Updated interim data from the PISCES trial, which has seen the brains of ischaemic stroke patients injected with neural stem cells to test the safety and tolerability of the treatment, was presented to the 22nd European Stroke Conference in London today.
Professor Keith Muir of the University of Glasgow, who is heading the trial of ReNeuron Group plc’s ReN001 stem cell therapy at the Southern General Hospital, Glasgow reported that data from the first nine patients treated has shown no cell-related or immunological adverse affects.
He added that most patients had experienced sustained modest reductions in neurological impairment compared to their pre-treatment baseline performance, accompanied by improvement in abilities to undertake day to day tasks.
A further two patients have been treated since the data were collated and the trial is now drawing to a close, with full results due to be published next year.
Meanwhile, plans are proceeding for a Phase II trial which will examine the efficacy of stem cell treatment in stroke patients and an application is expected to be submitted to the UK regulatory authorities in early July. If approved the Phase II trial is scheduled to commence later this year.
The Phase II trial will be a controlled multi-centre trial involving around 20 patients initially, all of whom will have suffered a stroke within a few weeks.
Professor Muir said: “We remain pleased and encouraged by the data emerging from the PISCES study. The data to date identify no safety issues with the ReN001 treatment – which is the primary focus of this Phase I trial.
“The evidence of functional improvement requires further investigation in a suitably designed Phase II efficacy study and we look forward to being a principal clinical site in that study when it commences.”
Michael Hunt, Chief Executive Officer of ReNeuron, said: “The PISCES study continues to yield encouraging results. Assuming the remaining required short-term follow up data confirm the good safety profile of the treatment, we will be able to move the ReN001 therapy confidently into Phase II clinical development, as planned, later this year.”
The Phase II study plan has been adopted by the NHS National Institute for Health Research Stroke Research Network (SRN). This important endorsement will enable ReNeuron to work closely with the SRN to optimise performance against defined targets regarding site set-up, patient recruitment and monitoring activities across the various sites participating in the study.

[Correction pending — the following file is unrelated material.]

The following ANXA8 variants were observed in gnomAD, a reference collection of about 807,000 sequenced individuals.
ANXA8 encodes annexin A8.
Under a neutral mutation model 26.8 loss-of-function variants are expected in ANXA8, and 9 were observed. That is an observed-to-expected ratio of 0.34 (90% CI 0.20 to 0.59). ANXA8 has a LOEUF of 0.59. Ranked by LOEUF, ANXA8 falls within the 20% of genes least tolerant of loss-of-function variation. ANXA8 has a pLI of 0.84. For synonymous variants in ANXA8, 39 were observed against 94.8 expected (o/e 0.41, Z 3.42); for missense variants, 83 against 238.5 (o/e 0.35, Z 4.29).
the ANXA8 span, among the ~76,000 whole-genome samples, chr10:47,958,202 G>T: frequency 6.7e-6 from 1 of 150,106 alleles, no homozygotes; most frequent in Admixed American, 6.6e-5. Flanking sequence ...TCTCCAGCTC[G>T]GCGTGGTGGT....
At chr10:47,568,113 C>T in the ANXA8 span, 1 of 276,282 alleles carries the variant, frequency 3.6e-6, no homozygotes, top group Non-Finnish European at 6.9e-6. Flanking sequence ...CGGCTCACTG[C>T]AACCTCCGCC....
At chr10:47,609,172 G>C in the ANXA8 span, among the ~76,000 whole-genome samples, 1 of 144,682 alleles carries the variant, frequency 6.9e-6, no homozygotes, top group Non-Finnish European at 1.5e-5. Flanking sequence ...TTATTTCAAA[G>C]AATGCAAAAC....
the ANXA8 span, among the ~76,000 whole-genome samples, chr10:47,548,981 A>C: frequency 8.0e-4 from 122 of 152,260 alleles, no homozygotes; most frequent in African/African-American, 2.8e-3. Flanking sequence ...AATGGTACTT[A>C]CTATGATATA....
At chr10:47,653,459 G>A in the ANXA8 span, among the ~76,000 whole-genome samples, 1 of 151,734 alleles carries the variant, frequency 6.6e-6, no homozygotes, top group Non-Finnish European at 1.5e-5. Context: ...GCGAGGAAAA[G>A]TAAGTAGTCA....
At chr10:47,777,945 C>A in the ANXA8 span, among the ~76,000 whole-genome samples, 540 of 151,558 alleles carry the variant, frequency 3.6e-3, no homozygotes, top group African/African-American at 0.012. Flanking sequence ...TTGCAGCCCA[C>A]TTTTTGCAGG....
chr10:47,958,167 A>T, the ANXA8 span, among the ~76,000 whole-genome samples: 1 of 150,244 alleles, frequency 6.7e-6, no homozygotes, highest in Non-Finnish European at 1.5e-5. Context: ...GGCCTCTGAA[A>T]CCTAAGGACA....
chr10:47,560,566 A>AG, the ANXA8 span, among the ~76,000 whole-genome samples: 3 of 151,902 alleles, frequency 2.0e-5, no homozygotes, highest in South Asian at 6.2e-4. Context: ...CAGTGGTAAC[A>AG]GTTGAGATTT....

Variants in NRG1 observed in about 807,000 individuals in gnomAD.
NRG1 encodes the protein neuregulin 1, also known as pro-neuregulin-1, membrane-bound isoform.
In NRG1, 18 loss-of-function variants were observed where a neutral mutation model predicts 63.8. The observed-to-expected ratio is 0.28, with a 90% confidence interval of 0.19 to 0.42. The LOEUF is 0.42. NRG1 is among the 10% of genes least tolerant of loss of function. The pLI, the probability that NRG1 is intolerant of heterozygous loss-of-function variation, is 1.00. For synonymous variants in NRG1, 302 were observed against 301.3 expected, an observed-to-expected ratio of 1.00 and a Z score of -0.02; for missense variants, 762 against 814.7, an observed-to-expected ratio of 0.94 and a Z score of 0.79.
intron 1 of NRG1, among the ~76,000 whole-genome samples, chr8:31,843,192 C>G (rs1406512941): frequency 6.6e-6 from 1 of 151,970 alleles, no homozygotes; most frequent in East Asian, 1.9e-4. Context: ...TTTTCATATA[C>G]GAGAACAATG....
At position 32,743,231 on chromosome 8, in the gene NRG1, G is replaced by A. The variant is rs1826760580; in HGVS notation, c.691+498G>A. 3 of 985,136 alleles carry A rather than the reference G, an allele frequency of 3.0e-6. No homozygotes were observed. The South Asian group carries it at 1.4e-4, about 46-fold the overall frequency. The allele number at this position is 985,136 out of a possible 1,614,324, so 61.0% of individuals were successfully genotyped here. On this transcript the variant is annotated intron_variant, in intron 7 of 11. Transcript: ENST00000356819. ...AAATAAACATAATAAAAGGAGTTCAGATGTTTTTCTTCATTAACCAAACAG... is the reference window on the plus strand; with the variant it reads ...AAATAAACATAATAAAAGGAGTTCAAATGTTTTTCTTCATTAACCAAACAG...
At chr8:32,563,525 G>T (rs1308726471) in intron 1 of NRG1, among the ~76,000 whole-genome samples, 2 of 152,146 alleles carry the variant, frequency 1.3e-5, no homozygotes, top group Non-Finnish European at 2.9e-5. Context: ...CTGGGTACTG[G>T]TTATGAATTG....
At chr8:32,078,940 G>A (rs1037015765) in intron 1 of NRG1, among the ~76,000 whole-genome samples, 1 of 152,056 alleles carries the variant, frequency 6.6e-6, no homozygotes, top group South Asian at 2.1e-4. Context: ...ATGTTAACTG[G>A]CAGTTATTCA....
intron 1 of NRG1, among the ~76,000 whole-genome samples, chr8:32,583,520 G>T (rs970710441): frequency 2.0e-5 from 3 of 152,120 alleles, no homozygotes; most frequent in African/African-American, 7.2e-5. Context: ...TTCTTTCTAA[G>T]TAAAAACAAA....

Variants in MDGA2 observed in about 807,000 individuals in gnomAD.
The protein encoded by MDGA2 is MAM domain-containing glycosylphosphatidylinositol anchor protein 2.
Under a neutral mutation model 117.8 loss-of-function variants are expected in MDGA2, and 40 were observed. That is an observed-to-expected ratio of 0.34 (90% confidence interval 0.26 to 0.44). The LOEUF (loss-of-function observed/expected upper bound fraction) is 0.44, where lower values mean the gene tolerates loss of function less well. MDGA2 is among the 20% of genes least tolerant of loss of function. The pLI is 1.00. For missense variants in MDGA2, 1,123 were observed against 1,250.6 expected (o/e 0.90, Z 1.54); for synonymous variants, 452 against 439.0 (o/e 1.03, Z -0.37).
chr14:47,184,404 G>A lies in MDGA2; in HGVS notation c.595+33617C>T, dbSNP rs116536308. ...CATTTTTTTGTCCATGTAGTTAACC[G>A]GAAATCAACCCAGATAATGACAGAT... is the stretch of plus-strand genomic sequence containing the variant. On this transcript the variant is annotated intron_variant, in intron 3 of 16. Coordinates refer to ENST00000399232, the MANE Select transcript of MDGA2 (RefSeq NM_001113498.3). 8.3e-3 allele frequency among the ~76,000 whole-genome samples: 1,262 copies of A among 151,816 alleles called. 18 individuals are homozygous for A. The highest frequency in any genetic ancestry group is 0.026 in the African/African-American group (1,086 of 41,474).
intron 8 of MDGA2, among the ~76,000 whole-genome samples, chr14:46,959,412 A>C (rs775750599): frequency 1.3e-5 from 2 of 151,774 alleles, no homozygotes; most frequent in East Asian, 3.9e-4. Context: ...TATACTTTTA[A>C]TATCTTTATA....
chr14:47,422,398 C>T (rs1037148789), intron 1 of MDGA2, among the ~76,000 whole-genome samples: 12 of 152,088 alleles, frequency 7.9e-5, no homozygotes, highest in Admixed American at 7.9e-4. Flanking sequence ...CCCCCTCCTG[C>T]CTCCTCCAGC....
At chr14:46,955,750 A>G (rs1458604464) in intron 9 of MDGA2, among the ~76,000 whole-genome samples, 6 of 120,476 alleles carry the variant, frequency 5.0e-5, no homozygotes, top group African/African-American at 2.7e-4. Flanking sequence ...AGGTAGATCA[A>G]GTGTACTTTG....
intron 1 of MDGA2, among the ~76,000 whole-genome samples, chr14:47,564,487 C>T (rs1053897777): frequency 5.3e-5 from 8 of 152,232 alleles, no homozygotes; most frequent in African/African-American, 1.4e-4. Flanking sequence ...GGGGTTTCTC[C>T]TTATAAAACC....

ReNeuron will seek final regulatory and ethical approvals for the Phase II stroke study by submitting a data package including three month follow-up data on the final dose cohort in the PISCES study to the UK regulatory authorities in early July and, assuming approvals are granted, expects to commence recruitment into the Phase II study shortly thereafter.
The PISCES study is the world’s first fully-regulated clinical trial of a neural stem cell therapy for disabled stroke patients. Stroke is the third largest cause of death and the single largest cause of adult disability in the developed world. The trial is being conducted at the Institute of Neurological Sciences, Southern General Hospital, Greater Glasgow and Clyde NHS Board.
For more information contact Stuart Forsyth in the University of Glasgow Media Relations Office on 0141 330 4831 or email firstname.lastname@example.org
Notes to Editors
About the PISCES (Pilot Investigation of Stem Cells in Stroke) clinical trial
The primary aim of the study is to test the safety and tolerability of the treatment in ascending doses of the ReN001 cells, in patients with moderate to severe functional neurological impairments resulting from their stroke. The secondary aim of the study is to evaluate efficacy measures for the design of future clinical trials with ReN001, including imaging measures as well as a number of tests of sensory, motor and cognitive functions.
Approximately 150,000 people suffer a stroke in the UK each year and approximately 800,000 in the US. The vast majority of these strokes are ischaemic in nature, caused by a blockage of blood flow in the brain (as opposed to a haemorrhagic or bleeding stroke).
Approximately one half of all stroke survivors are left with permanent disabilities as a result of the damage caused to brain tissue arising from the stroke. The annual health and social costs of caring for these patients is estimated to be in excess of £5 billion in the UK and over $70 billion in the US, with stroke patients estimated to be occupying at least 25 per cent of long term hospital beds.
The only current treatment for ischaemic stroke patients occurs in the acute phase of the condition (within several hours of the stroke), when anti-clotting agents are administered to dissolve the clot causing the blockage in blood flow to the brain. Only a small proportion of patients get to the hospital in time to be treated in this way. Beyond the acute phase, there are no existing treatments, other than preventative or rehabilitation measures, to alleviate the disabilities suffered by stroke patients who have survived their stroke. Source: UK Stroke Association; American Stroke Association
ReNeuron is a leading, clinical-stage stem cell business. Its primary objective is the development of novel stem cell therapies targeting areas of significant unmet or poorly met medical need. ReNeuron’s shares are traded on the London AIM market under the symbol RENE.L. Further information on ReNeuron and its products can be found at www.reneuron.com.